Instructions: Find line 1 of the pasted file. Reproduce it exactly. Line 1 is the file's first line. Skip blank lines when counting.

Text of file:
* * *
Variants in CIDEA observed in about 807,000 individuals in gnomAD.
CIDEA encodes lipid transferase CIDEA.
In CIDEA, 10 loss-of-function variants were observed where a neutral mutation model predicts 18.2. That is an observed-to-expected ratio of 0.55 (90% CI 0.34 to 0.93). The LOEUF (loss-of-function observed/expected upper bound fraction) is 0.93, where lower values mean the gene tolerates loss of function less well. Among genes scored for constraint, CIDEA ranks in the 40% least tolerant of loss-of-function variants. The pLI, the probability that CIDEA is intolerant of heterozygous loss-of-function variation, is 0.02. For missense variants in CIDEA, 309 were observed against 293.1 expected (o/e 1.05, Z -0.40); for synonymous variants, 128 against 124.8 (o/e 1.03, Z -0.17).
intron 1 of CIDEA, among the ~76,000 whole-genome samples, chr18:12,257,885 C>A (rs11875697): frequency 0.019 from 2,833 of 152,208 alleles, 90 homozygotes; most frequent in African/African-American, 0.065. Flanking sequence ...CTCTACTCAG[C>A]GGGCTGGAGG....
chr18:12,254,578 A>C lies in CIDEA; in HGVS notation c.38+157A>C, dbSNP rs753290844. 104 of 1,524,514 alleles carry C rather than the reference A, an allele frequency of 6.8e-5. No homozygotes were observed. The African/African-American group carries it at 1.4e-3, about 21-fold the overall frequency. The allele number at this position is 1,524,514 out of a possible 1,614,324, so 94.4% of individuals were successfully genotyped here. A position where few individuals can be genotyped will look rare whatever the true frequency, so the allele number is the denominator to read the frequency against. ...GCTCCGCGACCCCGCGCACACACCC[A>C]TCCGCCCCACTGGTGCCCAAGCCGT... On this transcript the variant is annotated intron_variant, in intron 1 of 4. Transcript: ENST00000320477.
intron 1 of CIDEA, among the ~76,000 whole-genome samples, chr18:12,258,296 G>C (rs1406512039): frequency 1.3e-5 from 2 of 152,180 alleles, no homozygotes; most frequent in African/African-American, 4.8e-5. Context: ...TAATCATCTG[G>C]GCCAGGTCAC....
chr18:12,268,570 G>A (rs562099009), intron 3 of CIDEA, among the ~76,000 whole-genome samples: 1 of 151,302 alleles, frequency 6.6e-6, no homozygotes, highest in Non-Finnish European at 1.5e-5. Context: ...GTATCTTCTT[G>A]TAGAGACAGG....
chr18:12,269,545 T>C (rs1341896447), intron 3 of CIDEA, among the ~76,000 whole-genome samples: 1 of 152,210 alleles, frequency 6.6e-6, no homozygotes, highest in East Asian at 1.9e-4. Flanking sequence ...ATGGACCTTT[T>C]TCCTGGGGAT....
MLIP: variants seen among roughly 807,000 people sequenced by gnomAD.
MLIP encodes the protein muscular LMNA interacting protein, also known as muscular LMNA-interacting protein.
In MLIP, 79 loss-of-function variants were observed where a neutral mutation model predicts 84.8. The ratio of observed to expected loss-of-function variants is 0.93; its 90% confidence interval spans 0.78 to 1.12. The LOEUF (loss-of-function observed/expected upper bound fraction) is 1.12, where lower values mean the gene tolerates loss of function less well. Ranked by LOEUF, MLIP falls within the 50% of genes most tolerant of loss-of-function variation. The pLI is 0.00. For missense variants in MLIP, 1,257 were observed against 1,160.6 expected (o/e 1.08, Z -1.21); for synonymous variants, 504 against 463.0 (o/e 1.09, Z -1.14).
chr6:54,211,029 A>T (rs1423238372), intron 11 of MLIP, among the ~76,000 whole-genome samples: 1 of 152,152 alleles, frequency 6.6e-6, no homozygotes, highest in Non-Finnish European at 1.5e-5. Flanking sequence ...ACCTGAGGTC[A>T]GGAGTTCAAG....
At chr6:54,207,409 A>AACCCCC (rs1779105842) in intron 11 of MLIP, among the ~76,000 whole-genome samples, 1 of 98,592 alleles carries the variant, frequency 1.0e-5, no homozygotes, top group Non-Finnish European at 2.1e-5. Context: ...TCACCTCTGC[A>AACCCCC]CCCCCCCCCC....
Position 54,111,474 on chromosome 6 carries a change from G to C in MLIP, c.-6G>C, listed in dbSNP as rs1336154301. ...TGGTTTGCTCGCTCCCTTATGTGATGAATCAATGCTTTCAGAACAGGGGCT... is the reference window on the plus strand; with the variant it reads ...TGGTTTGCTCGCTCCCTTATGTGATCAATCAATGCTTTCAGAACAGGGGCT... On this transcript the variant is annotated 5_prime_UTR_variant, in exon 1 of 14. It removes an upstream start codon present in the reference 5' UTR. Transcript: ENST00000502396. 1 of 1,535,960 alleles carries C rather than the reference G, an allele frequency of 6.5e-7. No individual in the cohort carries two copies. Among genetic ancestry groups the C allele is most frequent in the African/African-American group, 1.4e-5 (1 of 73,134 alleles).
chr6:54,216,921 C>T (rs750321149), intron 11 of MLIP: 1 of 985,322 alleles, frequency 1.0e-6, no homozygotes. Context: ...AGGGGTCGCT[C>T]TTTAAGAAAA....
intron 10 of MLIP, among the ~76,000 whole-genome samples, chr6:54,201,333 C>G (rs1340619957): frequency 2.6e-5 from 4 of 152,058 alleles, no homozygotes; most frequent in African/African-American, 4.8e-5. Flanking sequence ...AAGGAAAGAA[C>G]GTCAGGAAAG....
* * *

Variants in CIDEA observed in about 807,000 individuals in gnomAD.